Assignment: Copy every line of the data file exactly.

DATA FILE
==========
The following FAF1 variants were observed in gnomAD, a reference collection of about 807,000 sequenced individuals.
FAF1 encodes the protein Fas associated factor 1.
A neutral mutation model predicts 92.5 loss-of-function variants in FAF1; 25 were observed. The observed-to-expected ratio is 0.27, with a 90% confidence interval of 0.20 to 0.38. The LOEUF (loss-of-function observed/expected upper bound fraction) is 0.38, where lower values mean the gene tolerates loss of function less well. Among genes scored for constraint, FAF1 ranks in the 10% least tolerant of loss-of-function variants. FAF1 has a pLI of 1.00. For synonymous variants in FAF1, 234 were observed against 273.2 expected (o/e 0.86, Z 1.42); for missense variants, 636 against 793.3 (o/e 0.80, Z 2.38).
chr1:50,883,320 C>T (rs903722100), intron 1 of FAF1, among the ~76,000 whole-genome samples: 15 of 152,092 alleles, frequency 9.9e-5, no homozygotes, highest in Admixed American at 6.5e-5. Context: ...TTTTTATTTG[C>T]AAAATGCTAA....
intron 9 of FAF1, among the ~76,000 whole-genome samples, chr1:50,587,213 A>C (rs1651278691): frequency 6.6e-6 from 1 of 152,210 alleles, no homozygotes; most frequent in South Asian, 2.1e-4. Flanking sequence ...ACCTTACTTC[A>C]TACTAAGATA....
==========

The following FAF1 variants were observed in gnomAD, a reference collection of about 807,000 sequenced individuals.
FAF1 encodes the protein Fas associated factor 1.
A neutral mutation model predicts 92.5 loss-of-function variants in FAF1; 25 were observed. The observed-to-expected ratio is 0.27, with a 90% confidence interval of 0.20 to 0.38. The LOEUF (loss-of-function observed/expected upper bound fraction) is 0.38, where lower values mean the gene tolerates loss of function less well. Among genes scored for constraint, FAF1 ranks in the 10% least tolerant of loss-of-function variants. FAF1 has a pLI of 1.00. For synonymous variants in FAF1, 234 were observed against 273.2 expected (o/e 0.86, Z 1.42); for missense variants, 636 against 793.3 (o/e 0.80, Z 2.38).
chr1:50,883,320 C>T (rs903722100), intron 1 of FAF1, among the ~76,000 whole-genome samples: 15 of 152,092 alleles, frequency 9.9e-5, no homozygotes, highest in Admixed American at 6.5e-5. Context: ...TTTTTATTTG[C>T]AAAATGCTAA....
intron 9 of FAF1, among the ~76,000 whole-genome samples, chr1:50,587,213 A>C (rs1651278691): frequency 6.6e-6 from 1 of 152,210 alleles, no homozygotes; most frequent in South Asian, 2.1e-4. Flanking sequence ...ACCTTACTTC[A>C]TACTAAGATA....